This paper responds to the empirical and conceptual challenges concerning public benefit. In an era of neoliberal urbanism the waterfront has become a focal point of planning intervention; however, this raises important political issues concerning the distributional consequences of redeveloping large tracts of derelict land and dilapidated property. The central line of inquiry concerns what benefits, for whom and where emerge on the waterfront under neoliberal urbanism? In grounding the empiricism we focus on the neoliberal planning of Belfast's waterfront through a detailed discussion of Laganside (1989–2007) and Titanic Quarter (2001–present). Despite major transformation in Belfast city centre and on the waterfront, plus the ongoing peace process, the imprints of volatile identity politics and severe social deprivation are entrenched in other areas of the city. Given this, Belfast provides a unique and instructive case to critically explore the socio-spatialities of public benefit in a neoliberalised, politicised and polarised urban landscape. More broadly our research talks to ongoing debates on the conceptual merit and practical utility of public benefit as a central organising principle for spatial planning.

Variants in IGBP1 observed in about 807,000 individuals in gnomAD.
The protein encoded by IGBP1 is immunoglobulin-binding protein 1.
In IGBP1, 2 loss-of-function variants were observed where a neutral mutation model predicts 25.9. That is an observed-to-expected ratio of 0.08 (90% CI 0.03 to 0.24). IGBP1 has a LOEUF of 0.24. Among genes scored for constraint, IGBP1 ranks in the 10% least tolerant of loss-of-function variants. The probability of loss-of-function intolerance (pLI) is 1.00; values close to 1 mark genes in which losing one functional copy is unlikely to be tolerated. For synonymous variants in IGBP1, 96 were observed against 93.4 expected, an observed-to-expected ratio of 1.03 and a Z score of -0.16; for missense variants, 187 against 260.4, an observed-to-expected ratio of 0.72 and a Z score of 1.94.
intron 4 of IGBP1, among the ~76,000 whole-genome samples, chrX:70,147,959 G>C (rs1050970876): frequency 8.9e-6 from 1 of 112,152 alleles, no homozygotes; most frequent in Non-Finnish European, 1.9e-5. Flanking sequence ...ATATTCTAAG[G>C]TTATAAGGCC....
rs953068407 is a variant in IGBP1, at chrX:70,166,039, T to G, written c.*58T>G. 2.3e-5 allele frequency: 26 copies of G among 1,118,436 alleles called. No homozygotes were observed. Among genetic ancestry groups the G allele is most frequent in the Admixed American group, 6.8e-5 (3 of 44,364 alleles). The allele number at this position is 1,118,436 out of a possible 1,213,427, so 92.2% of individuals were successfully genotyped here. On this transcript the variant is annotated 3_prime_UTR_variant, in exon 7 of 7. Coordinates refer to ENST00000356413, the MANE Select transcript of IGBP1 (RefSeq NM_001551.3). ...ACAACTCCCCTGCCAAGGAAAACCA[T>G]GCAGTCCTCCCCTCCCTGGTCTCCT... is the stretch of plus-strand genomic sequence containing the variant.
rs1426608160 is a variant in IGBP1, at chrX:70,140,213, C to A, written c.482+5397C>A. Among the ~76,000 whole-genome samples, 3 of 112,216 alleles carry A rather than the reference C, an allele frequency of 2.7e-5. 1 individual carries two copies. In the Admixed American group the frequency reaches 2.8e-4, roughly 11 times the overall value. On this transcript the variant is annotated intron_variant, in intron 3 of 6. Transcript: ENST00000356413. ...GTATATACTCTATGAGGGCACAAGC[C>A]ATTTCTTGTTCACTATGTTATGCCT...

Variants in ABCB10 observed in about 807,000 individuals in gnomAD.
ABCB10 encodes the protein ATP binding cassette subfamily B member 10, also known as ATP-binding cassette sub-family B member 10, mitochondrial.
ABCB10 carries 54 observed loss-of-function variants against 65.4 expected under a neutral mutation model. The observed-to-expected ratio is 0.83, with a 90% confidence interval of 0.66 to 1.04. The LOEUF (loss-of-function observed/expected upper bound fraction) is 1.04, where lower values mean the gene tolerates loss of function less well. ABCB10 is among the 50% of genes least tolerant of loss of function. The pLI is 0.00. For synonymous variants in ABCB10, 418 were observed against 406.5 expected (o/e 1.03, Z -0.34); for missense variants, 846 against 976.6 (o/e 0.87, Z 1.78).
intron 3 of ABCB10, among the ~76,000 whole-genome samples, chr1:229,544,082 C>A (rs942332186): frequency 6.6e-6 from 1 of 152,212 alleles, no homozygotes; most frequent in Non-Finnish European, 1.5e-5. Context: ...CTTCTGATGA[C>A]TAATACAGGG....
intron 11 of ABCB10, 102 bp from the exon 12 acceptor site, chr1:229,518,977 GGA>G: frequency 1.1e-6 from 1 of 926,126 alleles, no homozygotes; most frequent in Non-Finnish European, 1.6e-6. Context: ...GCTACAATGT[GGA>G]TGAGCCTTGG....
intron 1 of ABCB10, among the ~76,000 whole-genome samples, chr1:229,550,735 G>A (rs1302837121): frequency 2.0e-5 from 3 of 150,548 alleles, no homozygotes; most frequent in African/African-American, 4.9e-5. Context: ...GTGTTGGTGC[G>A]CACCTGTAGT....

Student thesis: Doctoral Thesis › Doctor of Philosophy